I’m a big fan of Bruno Latour’s early work, from Laboratory Life to Science in Action and The Pasteurization of France, along with his co-authored essays with Callon. They’re fantastic entry points into science studies in general, and actor-network theory in particular with its sometimes confusing ontological language of actants and networks and enrolling and objects with agency and all that. Latour’s later work diverges (evolves?) a bit from this starting point and takes up much more the question of politics, and democracy. These themes are present in Pasteurization for sure, but they become much more central in the 1990s and 2000s. On first reading some of these pieces, I didn’t quite get it. Why the sudden fascination with democratic decision-making, with hybrid fora, and all that?
I just read a short, clear essay that does the best job of any of Latour’s recent work at explaining his position and why it matters, “From Multiculturalism to Multinaturalism: What Rules of Method for the New Socio-Scientific Experiments?” (2011) The essay rehashes some of Latour’s claims from earlier books, and nicely summarizes his antimodernist position. Here’s a nice, juicy quote on how to tell if you are a modernist, a postmodernist, or a non-modernist:
Those who dream of separating facts and values even farther are what I called “modernists.” For them, there exists an arrow of time, a thrust forward, that clearly distinguishes the past from the future: “Yesterday,” they say, “we were still mixing things up, ends and means, science and ideology, things and people, but tomorrow for sure we will separate facts and values even more sharply; we won’t confuse the way the world really is and the way it should be any more; others were confused by this in the ancient past, but we won’t be confused in the future.” Pass the test, make the experiment, and ask yourself, right now, if you feel that the arrow of time flows in this way for you. If so, you are a modernist. Nothing wrong with that! You are in good company. But if you hesitate, you are a “postmodernist.” And if, in the depths of your heart, you are convinced that, if yesterday things were a bit confused and entangled, and that tomorrow facts and values, humans and non-humans, will be even more entangled than yesterday, then you have stopped being modern. You have entered a different world, or, more exactly, you have stopped believing that you are in a different world from the rest of humanity. (6)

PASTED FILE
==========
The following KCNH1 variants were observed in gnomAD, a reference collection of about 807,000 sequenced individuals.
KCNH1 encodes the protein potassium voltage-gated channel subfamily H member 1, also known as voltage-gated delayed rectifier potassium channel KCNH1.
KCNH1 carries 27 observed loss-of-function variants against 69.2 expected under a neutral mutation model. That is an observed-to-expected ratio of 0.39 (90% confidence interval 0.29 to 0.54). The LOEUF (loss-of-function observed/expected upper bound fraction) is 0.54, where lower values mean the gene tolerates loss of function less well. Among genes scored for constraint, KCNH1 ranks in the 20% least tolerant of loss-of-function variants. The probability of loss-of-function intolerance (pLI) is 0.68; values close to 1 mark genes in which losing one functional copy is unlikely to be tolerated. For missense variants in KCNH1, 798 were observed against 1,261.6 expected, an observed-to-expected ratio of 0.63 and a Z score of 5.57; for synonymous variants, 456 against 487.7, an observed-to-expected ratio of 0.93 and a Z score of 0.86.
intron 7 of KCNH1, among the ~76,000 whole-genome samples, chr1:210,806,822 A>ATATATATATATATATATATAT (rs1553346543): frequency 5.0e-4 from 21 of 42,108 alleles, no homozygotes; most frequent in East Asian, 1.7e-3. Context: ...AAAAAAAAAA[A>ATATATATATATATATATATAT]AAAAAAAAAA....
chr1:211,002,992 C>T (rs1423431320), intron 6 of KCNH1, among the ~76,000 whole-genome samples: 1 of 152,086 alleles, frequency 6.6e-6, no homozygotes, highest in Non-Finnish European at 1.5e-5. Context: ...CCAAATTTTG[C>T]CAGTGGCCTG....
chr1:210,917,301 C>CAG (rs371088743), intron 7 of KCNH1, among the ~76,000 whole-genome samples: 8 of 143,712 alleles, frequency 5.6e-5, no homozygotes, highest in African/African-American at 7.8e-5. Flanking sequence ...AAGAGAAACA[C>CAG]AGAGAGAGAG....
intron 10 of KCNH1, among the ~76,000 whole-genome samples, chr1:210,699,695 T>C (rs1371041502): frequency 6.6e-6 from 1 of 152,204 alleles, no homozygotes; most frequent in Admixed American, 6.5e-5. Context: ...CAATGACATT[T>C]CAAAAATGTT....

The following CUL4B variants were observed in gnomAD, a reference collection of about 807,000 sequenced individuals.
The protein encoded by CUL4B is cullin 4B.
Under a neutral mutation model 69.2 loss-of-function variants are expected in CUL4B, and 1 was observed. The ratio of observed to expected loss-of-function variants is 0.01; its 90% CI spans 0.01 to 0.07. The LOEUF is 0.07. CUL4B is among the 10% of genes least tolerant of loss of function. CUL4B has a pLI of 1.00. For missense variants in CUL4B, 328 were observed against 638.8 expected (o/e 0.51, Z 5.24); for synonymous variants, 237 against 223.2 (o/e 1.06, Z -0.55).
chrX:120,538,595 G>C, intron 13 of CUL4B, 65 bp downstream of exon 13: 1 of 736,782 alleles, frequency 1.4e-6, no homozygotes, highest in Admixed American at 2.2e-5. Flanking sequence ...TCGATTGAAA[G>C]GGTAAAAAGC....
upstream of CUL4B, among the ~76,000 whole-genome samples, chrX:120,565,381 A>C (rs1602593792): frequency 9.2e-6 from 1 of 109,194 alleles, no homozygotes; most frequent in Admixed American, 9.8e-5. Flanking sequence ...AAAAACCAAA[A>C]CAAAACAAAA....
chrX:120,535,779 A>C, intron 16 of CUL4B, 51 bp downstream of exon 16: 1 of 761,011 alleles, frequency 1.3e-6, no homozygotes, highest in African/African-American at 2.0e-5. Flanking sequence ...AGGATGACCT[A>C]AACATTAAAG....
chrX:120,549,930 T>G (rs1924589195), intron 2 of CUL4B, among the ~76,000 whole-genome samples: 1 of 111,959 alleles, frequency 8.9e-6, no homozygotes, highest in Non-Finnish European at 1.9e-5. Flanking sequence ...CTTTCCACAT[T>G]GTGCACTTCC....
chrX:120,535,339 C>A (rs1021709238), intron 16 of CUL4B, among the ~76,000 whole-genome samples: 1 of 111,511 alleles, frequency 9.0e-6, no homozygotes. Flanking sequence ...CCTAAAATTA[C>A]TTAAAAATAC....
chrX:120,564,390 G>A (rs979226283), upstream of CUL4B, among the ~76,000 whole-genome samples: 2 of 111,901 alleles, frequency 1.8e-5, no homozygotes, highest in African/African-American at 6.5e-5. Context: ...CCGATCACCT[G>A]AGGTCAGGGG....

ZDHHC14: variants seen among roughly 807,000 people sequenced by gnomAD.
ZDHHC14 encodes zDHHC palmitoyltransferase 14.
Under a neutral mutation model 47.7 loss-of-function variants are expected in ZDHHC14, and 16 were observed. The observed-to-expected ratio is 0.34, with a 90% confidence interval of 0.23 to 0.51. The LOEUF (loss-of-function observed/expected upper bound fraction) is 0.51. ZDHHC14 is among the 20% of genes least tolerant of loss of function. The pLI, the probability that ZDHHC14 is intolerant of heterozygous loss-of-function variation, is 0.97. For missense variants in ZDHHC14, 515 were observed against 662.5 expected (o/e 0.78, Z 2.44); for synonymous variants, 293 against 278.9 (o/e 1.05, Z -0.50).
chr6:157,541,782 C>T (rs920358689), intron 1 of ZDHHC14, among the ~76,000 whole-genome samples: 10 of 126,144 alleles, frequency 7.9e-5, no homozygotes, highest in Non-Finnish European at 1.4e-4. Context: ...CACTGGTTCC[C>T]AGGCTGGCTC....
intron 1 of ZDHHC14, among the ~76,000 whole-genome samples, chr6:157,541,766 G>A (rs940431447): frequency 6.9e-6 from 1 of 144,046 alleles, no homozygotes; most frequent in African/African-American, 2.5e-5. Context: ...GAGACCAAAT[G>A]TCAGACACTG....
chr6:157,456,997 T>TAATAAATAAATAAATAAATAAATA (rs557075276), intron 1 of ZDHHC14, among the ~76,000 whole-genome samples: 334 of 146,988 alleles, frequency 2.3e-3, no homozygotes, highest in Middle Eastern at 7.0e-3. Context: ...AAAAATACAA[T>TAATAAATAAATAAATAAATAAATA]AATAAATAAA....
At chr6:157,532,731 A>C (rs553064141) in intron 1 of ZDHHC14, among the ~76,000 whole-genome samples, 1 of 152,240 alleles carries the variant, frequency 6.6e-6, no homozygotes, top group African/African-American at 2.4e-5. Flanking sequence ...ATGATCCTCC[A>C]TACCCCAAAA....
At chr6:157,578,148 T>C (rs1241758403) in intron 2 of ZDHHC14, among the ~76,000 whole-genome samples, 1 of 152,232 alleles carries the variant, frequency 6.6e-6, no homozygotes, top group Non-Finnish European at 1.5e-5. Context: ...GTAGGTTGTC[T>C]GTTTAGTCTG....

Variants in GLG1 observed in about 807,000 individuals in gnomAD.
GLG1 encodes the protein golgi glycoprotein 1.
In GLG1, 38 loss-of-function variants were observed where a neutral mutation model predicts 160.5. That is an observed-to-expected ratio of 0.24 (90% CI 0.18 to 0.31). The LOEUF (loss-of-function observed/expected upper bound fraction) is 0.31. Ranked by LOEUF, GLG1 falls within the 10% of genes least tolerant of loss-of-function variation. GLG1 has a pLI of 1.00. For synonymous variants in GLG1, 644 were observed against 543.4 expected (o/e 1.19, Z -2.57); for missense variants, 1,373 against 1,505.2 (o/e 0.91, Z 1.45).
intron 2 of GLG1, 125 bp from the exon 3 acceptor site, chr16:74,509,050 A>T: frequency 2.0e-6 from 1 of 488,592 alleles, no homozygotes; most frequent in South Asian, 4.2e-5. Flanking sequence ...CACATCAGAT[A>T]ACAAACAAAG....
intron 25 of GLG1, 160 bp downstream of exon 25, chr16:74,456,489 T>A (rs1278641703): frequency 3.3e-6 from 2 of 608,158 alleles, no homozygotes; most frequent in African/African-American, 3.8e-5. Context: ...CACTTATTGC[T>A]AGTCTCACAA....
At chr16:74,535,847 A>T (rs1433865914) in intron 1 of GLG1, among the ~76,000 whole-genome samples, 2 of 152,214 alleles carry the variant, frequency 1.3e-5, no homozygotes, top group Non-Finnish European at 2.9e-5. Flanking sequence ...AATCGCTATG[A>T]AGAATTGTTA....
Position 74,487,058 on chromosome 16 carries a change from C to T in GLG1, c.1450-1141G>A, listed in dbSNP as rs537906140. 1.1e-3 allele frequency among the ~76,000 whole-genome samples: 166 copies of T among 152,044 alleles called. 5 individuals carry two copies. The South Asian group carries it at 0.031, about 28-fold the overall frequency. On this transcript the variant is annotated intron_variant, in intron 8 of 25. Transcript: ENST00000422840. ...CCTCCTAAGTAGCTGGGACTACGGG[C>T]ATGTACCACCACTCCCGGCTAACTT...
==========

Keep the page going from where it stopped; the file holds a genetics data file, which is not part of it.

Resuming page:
Latour goes on to draw out consequences for this attempt to “disinvent modernity”. In particular, analogizing between taxes and innovation:
“No innovation without representation.” In the same way that the benevolent monarchies of the past imagined they could tax us for our own good without us having a say in their budget because they alone were enlightened enough to understand, in the same way, the new enlightened elite have been telling us for too long that there is only one best way for the innovation they have devised, and that we should simply follow them for our own good. (15)
In other words, since we live in an ordinary world, one where humans and non-humans, facts and value are all tangled up, we can’t rely on technical, scientific or business elites to make decisions for us about what the right path forward is. Latour trumpets a version of the precautionary principle, the latest fad in decision-making under uncertainty. This principle is not simply one that urges caution or inaction in the fact of unknowns – that would be an impossible rule, since the future is always uncertain. Rather, the precautionary principle calls for “experimentation, invention, exploration, and of course risk-taking…. For all our actions we consider risk-taking and precaution-taking as synonymous: the more risk we take, the more careful we are. … Care and caution go together with risk-taking.” (12-13)
I buy it. But I do wonder how it interacts with another excellent Latour essay, “Why has critique run out of steam?” and the “new” problem in science studies: what to do about Tobacco science, climate skepticism, and the like. What do we do when the process of scientific consensus formation has worked the way it’s supposed to, but governments and major institutions remain inert. I see how the call to risk-taking, to acting under uncertainty but with care, runs directly against the “wait and see” defense of climate skeptics (for example). But I still wonder if we really have as much to struggle against in terms of the overall legitimacy of experts to make decisions for us as we used to. But, then again, Latour is very much speaking to Europe here and excludes the US explicitly. Hmm..